The Securities and Exchange Commission (SEC) has doubled down on its decision to shut down Maria Ressa’s news site, Rappler, for violating the constitutional ban on media foreign ownership.
Rappler’s abogado Francis Lim said in a virtual press conference Monday (November 22) that SEC upheld its decision ordering Rappler’s closure despite French-American billionaire Pierre Omidyar’s move to convert his Philippine Depository Receipts (PDR) investment in the website into a “donation.”
“Unfortunately, the SEC submitted a report to the Court of Appeals saying it (donation) has no effect without giving us the opportunity to comment on the effect. We made a very strong case there, and unfortunately, the SEC panel did not ask for our view before submitting its report to the Court of Appeals,” said Lim.
A month after getting its operating permit revoked for violating the anti-Dummy Law, the Corporation Code, and the Securities Regulation Code, Rappler held a press conference in February to thank Omidyar for his generosity in converting his $1.5 million PDR investment into a donation to the firm’s managers, namely:
1) Jennifer V. Chua
2) Marie Fel D. Dalafu
3) Stacy Lynne M. de Jesus
4) Lilibeth Socorro L. Frondoso
5) Glenda M. Gloria
6) Dominic Gabriel L. Go
7) Miriam Grace A. Go
8) Natashya Marianne L. Gutierrez
9) Maria Rosario F. Hofileña
10) Gemma B. Mendoza
11) Pauline Gel C. Occeñola
12) Libertad G. Pascual
13) Maria A. Ressa
14) Anne Louise B. Yosuico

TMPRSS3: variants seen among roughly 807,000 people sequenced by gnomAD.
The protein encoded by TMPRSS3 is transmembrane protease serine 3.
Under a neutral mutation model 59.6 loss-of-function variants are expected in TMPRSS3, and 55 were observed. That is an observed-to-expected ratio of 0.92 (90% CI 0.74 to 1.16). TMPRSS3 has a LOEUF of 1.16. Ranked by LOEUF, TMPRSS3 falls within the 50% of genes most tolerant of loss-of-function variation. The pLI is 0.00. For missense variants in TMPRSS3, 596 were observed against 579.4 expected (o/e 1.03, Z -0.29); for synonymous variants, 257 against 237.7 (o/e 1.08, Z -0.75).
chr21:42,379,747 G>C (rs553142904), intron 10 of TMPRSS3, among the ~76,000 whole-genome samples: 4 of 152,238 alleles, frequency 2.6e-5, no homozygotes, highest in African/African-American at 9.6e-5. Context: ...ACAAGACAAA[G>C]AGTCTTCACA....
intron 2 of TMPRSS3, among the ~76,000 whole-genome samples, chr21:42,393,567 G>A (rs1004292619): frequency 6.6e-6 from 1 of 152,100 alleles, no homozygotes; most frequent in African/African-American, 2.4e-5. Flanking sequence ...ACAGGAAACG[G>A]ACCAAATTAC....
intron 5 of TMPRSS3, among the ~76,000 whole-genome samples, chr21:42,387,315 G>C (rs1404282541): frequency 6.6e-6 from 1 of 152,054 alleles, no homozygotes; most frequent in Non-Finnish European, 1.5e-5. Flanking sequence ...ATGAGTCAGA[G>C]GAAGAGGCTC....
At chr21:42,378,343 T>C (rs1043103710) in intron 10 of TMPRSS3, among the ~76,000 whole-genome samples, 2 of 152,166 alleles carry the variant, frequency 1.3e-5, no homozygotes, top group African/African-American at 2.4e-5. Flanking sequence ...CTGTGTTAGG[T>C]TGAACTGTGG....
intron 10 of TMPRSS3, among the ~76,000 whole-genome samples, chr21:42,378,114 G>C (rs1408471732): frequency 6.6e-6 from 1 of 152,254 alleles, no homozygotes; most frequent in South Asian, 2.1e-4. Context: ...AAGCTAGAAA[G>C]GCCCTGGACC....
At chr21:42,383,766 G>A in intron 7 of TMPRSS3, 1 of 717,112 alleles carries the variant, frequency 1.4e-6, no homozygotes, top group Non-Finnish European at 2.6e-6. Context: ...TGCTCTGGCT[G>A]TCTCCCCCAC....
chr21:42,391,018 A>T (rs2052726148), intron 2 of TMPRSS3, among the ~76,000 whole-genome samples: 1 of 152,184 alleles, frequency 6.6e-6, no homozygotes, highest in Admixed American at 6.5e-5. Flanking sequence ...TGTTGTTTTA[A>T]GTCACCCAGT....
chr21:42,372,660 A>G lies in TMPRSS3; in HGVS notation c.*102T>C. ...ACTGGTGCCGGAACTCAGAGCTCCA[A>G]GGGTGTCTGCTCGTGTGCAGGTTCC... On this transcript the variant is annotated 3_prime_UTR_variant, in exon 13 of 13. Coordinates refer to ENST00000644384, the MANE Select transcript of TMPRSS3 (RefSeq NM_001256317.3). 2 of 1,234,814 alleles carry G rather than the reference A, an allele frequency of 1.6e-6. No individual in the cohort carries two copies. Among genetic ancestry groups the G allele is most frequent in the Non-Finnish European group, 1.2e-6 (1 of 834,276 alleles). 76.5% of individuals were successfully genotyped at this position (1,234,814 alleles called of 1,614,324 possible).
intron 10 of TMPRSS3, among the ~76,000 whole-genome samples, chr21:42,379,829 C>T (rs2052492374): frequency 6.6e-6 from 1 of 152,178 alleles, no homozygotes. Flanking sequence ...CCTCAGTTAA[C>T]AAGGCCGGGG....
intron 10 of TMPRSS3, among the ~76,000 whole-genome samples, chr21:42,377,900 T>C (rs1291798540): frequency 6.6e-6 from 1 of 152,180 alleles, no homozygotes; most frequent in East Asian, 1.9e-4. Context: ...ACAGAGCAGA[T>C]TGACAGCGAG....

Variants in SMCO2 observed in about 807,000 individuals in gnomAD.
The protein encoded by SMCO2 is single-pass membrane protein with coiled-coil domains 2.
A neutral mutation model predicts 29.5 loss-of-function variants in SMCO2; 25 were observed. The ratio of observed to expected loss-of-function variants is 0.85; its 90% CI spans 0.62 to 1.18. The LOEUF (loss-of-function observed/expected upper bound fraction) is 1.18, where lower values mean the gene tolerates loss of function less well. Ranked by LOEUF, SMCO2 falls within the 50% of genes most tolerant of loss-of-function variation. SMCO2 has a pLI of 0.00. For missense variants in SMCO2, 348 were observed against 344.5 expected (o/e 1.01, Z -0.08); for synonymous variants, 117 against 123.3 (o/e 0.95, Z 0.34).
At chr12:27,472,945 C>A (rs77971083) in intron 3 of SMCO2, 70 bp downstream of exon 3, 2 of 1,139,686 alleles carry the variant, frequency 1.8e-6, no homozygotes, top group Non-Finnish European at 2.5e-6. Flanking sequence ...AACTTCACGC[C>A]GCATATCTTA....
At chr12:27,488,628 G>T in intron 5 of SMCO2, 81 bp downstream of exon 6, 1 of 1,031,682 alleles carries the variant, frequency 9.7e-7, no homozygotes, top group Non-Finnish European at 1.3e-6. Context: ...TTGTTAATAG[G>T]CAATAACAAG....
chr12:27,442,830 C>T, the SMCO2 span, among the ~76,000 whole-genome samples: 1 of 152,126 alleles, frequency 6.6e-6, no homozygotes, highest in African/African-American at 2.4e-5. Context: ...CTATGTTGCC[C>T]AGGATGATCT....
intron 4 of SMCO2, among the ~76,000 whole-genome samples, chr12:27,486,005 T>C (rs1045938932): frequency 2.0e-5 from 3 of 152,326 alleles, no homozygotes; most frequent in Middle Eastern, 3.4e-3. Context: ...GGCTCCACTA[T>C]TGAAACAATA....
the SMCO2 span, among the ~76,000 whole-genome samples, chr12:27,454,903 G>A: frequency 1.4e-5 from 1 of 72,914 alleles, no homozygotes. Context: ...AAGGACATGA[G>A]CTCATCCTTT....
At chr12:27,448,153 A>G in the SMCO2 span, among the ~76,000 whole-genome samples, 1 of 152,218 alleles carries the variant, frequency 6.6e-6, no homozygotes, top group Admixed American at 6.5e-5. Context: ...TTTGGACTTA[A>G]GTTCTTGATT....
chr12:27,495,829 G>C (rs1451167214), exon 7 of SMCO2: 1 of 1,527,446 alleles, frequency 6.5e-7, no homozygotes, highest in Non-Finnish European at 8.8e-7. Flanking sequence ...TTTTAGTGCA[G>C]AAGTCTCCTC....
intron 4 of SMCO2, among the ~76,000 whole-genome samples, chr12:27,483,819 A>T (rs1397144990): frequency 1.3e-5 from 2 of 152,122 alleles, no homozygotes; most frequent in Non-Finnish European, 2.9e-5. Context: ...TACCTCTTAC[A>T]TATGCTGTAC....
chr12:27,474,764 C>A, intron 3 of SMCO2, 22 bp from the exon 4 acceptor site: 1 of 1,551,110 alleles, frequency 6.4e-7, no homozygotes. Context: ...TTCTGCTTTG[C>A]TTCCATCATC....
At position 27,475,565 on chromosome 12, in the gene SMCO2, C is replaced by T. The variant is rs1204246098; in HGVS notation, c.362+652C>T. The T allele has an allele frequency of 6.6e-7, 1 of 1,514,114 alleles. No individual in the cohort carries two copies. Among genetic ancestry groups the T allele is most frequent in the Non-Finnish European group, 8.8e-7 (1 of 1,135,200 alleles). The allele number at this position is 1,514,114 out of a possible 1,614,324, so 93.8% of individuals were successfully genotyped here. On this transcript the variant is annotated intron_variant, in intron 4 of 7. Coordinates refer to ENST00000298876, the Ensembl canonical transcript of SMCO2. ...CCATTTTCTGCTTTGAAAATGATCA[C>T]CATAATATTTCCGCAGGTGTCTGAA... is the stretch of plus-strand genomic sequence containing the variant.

In its January 2018 decision, the SEC panel – composed of Chairperson Teresita Herbosa and Commissioners Antonieta Ibe and Ephyro Luis Amatong – ruled as void the Omidyar PDR for being a “fraudulent transaction.”
The SEC also ordered the revocation of Rappler’s certificate of incorporation for being a “mass media entity that sold control to foreigners” and “existing for no other purpose than to effect a deceptive scheme to circumvent the constitution.”
Rappler ran to the CA in a bid to reverse the SEC’s decision. The latter, however, left it to the SEC to decide whether Omidyar’s donation would cure Rappler’s criminal offense.
SEC found “substantial evidence” that Rappler and its officials “intentionally created an elaborate scheme, upon which its receipt of over a million dollars from a foreign investor would be theoretically defensible.”
Rappler hatched its scheme to circumvent the Constitution from 2014 to 2015 when it created Rappler Holdings to issue derivatives to two foreign investors – NorthBase Media and Omidyar Network. SEC said Ressa held talks with Omidyar from October to November 201 and April 2014 onwards before Rappler Holdings was formed in December 2014.
Unlike Northbase Media, SEC said Omidyar inserted provisions in his PDR granting not only control to the eBay founder but also “financial returns through a pass-through arrangement without owning stock in the company.”
The SEC said Rappler’s biggest mistake was equating control with ownership of stock or management in the board. It said the website’s move to make it appear that its owners and management were Filipino on paper while granting control or influence over corporate policy to foreign investors via the PDR “is not a harmless circumvention.”